Hot Wheels Mars Rover Curiosity review

Remember this famously sad xkcd comic about the Mars Spirit rover?

Today we may have something that's even sadder than that.

It was four years ago that Curiosity landed on Mars (I remember, because I was writing the Masters of Evil review while watching it happen live; such is the way my memory organizes itself). So in honor of its birthday, we're reviewing the toy today.

Born: August, 2012
Birthplace: Pasadena, CA, USA
Designer: NASA/JPL-Caltech
Specialty: This car-sized rover is actually a wheeled robot, rocket-launched to Mars in 2011. Curiosity carries many tools such as a drill, cameras, and a laser. Its mission: to see if Mars could have ever supported small life forms called microbes... or if humans could explore there someday!

Proving that science is awesome, space doctors used exploding dinosaurs to throw a metal tube into the sky. That was on November 11, 2011. Eight months and 350 million miles later, their payload touched down only a mile and a half from its intended target. That's some Hawkeye/Bullseye level shiz, right there! It's hard to judge scale by looking at a Hot Wheels toy, but the real Curiosity weighs almost a ton and is 10 feet long - it may just look like a white box on wheels, but it truly is the size of a normal car.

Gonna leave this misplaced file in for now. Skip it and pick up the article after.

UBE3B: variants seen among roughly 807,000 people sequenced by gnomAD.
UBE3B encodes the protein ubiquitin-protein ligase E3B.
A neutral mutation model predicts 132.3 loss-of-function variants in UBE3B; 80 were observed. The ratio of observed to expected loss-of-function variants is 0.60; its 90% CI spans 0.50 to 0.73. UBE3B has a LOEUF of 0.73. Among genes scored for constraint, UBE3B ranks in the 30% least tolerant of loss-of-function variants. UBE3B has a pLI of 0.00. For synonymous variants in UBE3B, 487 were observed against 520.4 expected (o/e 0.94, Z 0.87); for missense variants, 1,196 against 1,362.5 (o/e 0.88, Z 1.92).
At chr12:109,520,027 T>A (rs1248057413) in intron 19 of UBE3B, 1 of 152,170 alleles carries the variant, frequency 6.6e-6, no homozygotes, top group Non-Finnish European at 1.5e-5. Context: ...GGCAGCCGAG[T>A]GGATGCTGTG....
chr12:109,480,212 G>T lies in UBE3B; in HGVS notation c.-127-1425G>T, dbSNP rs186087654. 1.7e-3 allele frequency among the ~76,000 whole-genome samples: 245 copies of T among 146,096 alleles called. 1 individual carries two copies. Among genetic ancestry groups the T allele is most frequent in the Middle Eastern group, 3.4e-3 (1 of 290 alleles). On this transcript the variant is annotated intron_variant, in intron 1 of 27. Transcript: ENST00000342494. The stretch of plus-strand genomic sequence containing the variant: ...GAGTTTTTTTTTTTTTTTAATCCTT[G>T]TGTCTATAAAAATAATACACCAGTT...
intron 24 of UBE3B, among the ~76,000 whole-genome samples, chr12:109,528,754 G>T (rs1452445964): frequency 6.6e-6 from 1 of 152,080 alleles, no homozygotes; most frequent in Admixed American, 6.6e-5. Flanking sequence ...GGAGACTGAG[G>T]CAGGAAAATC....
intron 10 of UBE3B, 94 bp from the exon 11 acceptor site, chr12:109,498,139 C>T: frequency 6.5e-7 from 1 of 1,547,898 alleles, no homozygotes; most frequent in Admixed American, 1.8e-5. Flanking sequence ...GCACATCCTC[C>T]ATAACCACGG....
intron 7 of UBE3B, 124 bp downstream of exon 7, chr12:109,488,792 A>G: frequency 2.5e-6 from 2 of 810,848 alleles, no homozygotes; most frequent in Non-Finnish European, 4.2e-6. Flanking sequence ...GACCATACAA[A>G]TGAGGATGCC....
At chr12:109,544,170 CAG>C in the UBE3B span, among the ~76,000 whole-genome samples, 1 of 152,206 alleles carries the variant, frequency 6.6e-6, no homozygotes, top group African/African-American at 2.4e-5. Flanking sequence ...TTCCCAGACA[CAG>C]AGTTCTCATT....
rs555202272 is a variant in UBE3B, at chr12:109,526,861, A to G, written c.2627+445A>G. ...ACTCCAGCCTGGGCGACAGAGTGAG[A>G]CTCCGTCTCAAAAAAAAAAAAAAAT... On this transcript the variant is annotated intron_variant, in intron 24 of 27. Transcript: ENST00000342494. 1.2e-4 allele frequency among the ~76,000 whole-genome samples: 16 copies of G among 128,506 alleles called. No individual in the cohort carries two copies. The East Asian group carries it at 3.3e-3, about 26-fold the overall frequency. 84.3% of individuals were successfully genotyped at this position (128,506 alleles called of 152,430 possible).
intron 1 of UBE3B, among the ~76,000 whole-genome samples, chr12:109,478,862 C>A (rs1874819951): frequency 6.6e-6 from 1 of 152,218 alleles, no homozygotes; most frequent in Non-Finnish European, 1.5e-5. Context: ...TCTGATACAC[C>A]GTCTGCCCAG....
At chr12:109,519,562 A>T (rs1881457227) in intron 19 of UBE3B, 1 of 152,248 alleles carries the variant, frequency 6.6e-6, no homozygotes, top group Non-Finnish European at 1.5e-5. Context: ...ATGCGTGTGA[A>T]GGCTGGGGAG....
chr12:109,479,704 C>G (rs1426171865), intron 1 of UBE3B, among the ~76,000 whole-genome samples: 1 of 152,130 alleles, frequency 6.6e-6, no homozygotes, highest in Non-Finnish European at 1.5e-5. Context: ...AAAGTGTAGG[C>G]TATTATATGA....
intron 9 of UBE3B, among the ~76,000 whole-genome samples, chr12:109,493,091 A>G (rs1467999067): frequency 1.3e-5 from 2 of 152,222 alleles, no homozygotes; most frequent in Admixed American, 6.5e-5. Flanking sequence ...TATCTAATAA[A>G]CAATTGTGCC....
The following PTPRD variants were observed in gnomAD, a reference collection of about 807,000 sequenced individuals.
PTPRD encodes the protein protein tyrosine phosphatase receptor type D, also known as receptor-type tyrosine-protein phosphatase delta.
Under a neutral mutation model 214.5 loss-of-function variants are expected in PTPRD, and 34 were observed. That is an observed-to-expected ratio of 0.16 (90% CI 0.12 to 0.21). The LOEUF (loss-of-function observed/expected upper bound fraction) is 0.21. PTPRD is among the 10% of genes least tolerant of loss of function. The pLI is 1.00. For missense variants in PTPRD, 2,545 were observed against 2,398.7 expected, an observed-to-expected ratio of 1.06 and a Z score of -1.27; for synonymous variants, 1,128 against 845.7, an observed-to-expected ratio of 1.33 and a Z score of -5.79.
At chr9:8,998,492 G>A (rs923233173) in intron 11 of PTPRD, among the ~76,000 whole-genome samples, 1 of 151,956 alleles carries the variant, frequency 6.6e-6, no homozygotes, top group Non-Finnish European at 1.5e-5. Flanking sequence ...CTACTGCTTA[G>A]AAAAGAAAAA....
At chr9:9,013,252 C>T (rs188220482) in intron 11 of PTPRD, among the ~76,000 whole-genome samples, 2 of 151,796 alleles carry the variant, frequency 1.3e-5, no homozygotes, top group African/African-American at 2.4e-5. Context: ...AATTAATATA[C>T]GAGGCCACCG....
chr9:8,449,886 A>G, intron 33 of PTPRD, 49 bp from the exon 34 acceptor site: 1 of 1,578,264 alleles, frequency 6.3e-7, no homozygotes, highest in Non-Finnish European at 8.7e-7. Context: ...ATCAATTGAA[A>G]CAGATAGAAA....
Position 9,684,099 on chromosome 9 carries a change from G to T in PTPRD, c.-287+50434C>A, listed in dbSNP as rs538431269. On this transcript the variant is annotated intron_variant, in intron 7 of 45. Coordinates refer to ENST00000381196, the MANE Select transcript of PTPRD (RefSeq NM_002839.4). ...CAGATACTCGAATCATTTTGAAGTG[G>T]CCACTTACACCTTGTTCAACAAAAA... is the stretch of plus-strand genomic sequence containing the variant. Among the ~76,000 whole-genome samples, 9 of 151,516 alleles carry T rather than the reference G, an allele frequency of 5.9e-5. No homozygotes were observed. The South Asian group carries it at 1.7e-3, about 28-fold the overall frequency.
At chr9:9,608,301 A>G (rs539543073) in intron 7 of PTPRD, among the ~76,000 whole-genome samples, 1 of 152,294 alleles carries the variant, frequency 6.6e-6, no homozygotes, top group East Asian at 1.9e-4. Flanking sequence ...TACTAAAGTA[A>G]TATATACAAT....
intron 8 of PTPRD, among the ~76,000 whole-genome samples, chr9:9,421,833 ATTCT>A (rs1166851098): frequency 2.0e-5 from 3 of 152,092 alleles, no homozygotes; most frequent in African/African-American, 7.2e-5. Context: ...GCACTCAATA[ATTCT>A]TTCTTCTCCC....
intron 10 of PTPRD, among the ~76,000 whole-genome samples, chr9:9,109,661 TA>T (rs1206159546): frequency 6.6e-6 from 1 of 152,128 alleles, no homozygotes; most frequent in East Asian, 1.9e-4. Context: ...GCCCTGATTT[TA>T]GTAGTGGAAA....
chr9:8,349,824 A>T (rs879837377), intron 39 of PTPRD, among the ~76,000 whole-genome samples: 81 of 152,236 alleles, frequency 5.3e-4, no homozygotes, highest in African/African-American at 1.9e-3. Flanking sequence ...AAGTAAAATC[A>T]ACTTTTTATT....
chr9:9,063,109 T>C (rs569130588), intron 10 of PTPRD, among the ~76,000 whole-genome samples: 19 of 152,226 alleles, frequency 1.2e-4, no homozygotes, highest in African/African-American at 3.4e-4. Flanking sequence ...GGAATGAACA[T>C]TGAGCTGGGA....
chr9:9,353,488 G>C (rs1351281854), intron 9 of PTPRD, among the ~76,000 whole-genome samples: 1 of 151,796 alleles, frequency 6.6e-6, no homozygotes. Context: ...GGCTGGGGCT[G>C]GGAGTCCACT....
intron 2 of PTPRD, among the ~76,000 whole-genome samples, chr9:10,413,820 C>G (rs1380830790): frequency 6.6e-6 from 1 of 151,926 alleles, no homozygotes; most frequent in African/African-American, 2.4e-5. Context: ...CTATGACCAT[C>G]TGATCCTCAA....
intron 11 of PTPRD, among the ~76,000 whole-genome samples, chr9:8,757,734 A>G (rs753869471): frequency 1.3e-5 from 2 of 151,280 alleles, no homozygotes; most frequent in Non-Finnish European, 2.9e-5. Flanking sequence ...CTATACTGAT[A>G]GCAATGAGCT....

The official NASA logo is tampgraphed on the front of the vehicle, and since the standard Hot Wheels-style wheels prevent them from actually attaching to the spokes on the sides of the rover, the underside is cast from translucent plastic so that we might better ignore it. This review is actually the second release, from 2014 - you can tell because now the tires are dusty rather than pristine. They're just smooth wheels, not the ridged kind the real rover has, but at this scale they probably would have been hard to see. Lots of Curiosity's fancy science equipment is sculpted on, but only the mast moves (it turns in a circle, allowing the rover to look around and learn).

So, I promised you sad. One of Curiosity's scientific devices subjects any samples it collects to a series of frequencies, to see how it reacts. In other words, it makes noise. So its makers programmed it, once a year on its birthday and completely alone millions of miles from home, to sing "Happy Birthday" to itself:

That day is today. It might be singing as you read this.

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